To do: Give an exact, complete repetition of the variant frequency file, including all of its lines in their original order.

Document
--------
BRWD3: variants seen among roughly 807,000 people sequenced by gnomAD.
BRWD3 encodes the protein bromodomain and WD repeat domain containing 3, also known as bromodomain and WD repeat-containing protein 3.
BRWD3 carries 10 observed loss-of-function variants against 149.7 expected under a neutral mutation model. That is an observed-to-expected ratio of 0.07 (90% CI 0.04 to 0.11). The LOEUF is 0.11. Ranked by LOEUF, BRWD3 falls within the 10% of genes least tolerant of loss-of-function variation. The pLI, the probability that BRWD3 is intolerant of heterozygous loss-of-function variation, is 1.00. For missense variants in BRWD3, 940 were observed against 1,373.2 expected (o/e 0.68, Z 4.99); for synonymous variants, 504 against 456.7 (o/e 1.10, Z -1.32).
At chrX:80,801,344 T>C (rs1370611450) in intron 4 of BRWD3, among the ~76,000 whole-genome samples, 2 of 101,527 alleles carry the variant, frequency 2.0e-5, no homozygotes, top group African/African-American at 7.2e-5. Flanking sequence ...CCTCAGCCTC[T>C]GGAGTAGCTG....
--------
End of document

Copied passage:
BRWD3: variants seen among roughly 807,000 people sequenced by gnomAD.
BRWD3 encodes the protein bromodomain and WD repeat domain containing 3, also known as bromodomain and WD repeat-containing protein 3.
BRWD3 carries 10 observed loss-of-function variants against 149.7 expected under a neutral mutation model. That is an observed-to-expected ratio of 0.07 (90% CI 0.04 to 0.11). The LOEUF is 0.11. Ranked by LOEUF, BRWD3 falls within the 10% of genes least tolerant of loss-of-function variation. The pLI, the probability that BRWD3 is intolerant of heterozygous loss-of-function variation, is 1.00. For missense variants in BRWD3, 940 were observed against 1,373.2 expected (o/e 0.68, Z 4.99); for synonymous variants, 504 against 456.7 (o/e 1.10, Z -1.32).
At chrX:80,801,344 T>C (rs1370611450) in intron 4 of BRWD3, among the ~76,000 whole-genome samples, 2 of 101,527 alleles carry the variant, frequency 2.0e-5, no homozygotes, top group African/African-American at 7.2e-5. Flanking sequence ...CCTCAGCCTC[T>C]GGAGTAGCTG....